Time passes. Collect a scroll and kingfisher plush toy when you pass go. Roll the die. Pick up the community chest card. Pay rent. Collect wealth.
As much as we like to see transitions as emotional farewells, they too, are transactional. After all, a transition is a transaction, you exchange your time in college for a place in another firm, another company, another higher institution of learning. The time here is but wind that billows up our sails, that pushes us along to the next destination, the next port of calling. Our time was a transaction from the start; we pay school bills to get food and housing and education, we talk in class to engage our ideas with others, to better learn, to get that better grade. We get that better grade to attain a number on a transcript, to show our future bosses that we know what we are talking about and aren’t just filling pillows with fluff. We send emails that start with “I hope you’ve been well” to professors we might not even want to know anything more about other than how much they’re going to care if we submitted an assignment 2 hours late, or if the final exam would be testing so and so topic. Our time here, if put bluntly, is a transaction. Four years of accruing knowledge, forming relationships that will bolster us into the future. We work hard and play hard in order to say that we gained something when we finally put on our robes and walk onto the stage sheepish and awkward, in front of some people who matter and many who don’t. We shake hands, we receive a scroll not even real.
What a waste it would be to think of everything as transactional, to think of everything as just passing through and so not worth holding on to. Looking at the line of students walking forward to collect their scrolls, one might think of this entire endeavour as that of a production line, producing fresh graduates to churn out into society. Cliche, but many cliches turn out to be true.
The only way to burn down this notion of transaction is by using fire. This is not your primary 5 camp campfire, but the fire of leaving pain. It is what burns and cooks you from the inside as you walk out of a place you thought you could never get used to. It is the warmth of conversations with one another late into the night. It is the first conversation to the last, every one of them leading to this final reckoning like breadcrumbs that form a beautiful trail. This fire is the sting of absinthe that made us honest. It is our acts of kindness that touch us and made us cry, of coming together in times unimaginably tough as we held candles in Elm and remembered. It is every argument we had, drunk punch we flailed, heartbreak we experienced, people we swore never to talk to again, people we swore to fight for till the very end until we cannot fight any longer and our muscles all ache with trying.
Have you ever stayed up with someone till 3am? Talked to them about nothing at all yet everything? Held each other’s emotions on the edge of a knife? It appears that graduating from a place like this is precisely like a 3am talk, where time flows slow to the point of almost-stillness. Both of you still know that the inevitable morning will come, but the magic of 3am keeps our reservations suspended, we believe that we are, for lack of all better expression, eternally bound in the moment. What is it about transitions that prompts us as such?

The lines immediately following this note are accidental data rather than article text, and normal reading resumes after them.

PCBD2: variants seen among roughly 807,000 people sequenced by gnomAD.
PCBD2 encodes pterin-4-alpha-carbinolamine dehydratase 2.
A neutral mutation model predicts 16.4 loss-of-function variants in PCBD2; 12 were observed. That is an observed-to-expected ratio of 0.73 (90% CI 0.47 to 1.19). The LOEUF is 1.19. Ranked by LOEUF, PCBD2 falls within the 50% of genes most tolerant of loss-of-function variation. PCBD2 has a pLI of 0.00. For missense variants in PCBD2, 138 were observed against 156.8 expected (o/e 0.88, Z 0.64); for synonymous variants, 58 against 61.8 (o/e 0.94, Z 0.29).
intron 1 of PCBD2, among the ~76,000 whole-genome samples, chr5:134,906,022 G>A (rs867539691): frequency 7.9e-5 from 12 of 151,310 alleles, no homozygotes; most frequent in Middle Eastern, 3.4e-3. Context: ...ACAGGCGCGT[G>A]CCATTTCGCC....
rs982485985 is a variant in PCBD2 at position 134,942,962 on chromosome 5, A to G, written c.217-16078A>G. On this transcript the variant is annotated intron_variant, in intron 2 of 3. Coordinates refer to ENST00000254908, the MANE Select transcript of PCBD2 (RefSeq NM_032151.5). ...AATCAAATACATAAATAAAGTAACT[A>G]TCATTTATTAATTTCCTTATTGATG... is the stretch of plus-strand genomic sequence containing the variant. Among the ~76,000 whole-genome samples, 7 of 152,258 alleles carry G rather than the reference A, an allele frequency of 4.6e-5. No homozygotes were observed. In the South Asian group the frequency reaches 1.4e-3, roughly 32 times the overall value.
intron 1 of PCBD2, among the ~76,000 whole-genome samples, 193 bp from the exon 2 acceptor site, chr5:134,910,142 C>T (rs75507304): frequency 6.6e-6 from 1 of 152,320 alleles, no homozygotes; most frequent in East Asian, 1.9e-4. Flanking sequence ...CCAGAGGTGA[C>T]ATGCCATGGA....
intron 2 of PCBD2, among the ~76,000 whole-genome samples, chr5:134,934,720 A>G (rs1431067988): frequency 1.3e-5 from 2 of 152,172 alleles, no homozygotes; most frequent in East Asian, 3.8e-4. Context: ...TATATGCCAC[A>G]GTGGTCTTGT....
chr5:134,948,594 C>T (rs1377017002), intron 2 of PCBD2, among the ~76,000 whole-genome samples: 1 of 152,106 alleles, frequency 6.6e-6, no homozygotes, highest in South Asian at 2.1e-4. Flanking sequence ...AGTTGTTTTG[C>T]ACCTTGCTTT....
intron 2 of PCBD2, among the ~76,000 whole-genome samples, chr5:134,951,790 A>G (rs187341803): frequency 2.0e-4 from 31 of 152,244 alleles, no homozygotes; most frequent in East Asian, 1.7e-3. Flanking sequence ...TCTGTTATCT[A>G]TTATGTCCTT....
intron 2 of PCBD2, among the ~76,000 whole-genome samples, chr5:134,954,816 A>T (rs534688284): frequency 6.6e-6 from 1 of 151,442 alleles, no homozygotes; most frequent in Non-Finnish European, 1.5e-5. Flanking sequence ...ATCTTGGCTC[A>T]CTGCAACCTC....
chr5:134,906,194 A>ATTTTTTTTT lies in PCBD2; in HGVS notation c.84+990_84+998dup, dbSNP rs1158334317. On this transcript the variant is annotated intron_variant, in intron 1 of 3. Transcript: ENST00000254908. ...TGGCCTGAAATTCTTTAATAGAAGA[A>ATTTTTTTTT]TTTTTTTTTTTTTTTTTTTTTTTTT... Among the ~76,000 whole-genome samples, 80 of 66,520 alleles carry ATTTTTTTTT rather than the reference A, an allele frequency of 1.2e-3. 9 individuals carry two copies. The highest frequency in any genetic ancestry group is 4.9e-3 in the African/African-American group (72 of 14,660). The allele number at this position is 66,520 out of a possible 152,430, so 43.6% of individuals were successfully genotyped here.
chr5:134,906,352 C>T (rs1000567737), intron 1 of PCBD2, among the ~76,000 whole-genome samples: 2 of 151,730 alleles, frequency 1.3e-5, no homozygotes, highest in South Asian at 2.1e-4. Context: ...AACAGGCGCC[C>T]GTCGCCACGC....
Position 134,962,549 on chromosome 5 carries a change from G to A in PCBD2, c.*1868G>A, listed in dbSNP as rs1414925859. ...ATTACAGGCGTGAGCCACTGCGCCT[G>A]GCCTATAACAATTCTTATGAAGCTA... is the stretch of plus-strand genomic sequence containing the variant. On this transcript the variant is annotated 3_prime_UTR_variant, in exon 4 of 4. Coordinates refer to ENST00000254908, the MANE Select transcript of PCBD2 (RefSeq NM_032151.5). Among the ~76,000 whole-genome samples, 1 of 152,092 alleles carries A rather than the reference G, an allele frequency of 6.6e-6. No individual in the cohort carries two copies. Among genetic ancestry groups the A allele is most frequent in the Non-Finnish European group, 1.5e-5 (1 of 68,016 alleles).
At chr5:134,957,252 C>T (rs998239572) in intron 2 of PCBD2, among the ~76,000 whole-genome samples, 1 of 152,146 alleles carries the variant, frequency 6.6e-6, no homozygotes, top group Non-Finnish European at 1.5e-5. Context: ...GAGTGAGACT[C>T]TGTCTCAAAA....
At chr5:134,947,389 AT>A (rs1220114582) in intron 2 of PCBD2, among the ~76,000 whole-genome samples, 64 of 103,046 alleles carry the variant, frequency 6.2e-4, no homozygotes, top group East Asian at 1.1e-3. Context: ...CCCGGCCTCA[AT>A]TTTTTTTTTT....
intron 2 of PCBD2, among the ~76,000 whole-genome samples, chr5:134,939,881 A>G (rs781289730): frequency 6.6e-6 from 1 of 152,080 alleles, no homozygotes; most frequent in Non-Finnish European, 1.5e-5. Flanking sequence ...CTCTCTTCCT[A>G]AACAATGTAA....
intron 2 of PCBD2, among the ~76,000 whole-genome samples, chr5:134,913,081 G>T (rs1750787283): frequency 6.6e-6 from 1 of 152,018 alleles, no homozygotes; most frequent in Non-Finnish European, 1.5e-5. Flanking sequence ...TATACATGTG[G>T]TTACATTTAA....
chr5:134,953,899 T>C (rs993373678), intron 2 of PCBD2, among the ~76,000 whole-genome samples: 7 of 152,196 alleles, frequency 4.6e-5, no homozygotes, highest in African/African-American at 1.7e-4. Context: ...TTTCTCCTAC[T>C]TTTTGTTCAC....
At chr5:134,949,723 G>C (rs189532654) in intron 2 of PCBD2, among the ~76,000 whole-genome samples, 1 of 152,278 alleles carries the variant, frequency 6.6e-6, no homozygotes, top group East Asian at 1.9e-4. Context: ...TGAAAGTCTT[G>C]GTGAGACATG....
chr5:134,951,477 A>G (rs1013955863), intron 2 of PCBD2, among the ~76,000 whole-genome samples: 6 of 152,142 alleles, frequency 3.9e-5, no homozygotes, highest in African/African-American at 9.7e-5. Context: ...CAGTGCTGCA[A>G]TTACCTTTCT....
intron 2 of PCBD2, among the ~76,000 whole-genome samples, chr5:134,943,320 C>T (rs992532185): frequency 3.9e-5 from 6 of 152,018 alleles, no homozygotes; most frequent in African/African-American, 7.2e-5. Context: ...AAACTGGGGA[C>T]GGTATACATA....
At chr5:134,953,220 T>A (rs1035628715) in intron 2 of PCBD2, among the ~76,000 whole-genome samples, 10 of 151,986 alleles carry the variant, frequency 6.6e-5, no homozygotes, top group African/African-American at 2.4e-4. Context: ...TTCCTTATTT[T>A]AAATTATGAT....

Suspension is just the word for the occasion. We are indeed suspended, within our own thoughts, with the place we inhabited, with each other. It is a stubborn suspension that refuses to let go just yet, that still believes, like a 3am conversationalist, that there will be time yet. As I walked up the stage, received the scroll, I looked to the crowd and felt suspended, felt very light as if something was carrying me somewhere which I had no knowledge of.
Notions of suspension aside, I want to ping back to the notion of fire. The fire of leaving pain, that burns and swallows, that stays in our minds longer than the duration of the carnage, which sometimes is only for a short while, that last all of a few seconds when your chest constricts when you realise that this may actually be the last time, that this conversation, this drinking session, this confession, this farewell glance, is all that this school could offer until security stands at the door and asks you to leave. This is the fire that burns and warms, it is the fire that destroys all notions of transaction.
Because, put simply, what transaction can there be that places this burning sensation in our chests? We transact to feel secure, to feel like we have garnered enough resources to live a good life. The fire of leaving does the opposite, it makes us do stupid things that may potentially hijack our well being. It makes us stay up too late, drink too much, talk too much, feel too much. The burning sensation in your chest, the warm afterglow we feel as we walk off the stage and say goodbye to all our friends, is entirely counterproductive to what a transaction aims to achieve.
And for that, may we forever have a part of ourselves suspended. May we never let this fire burn out.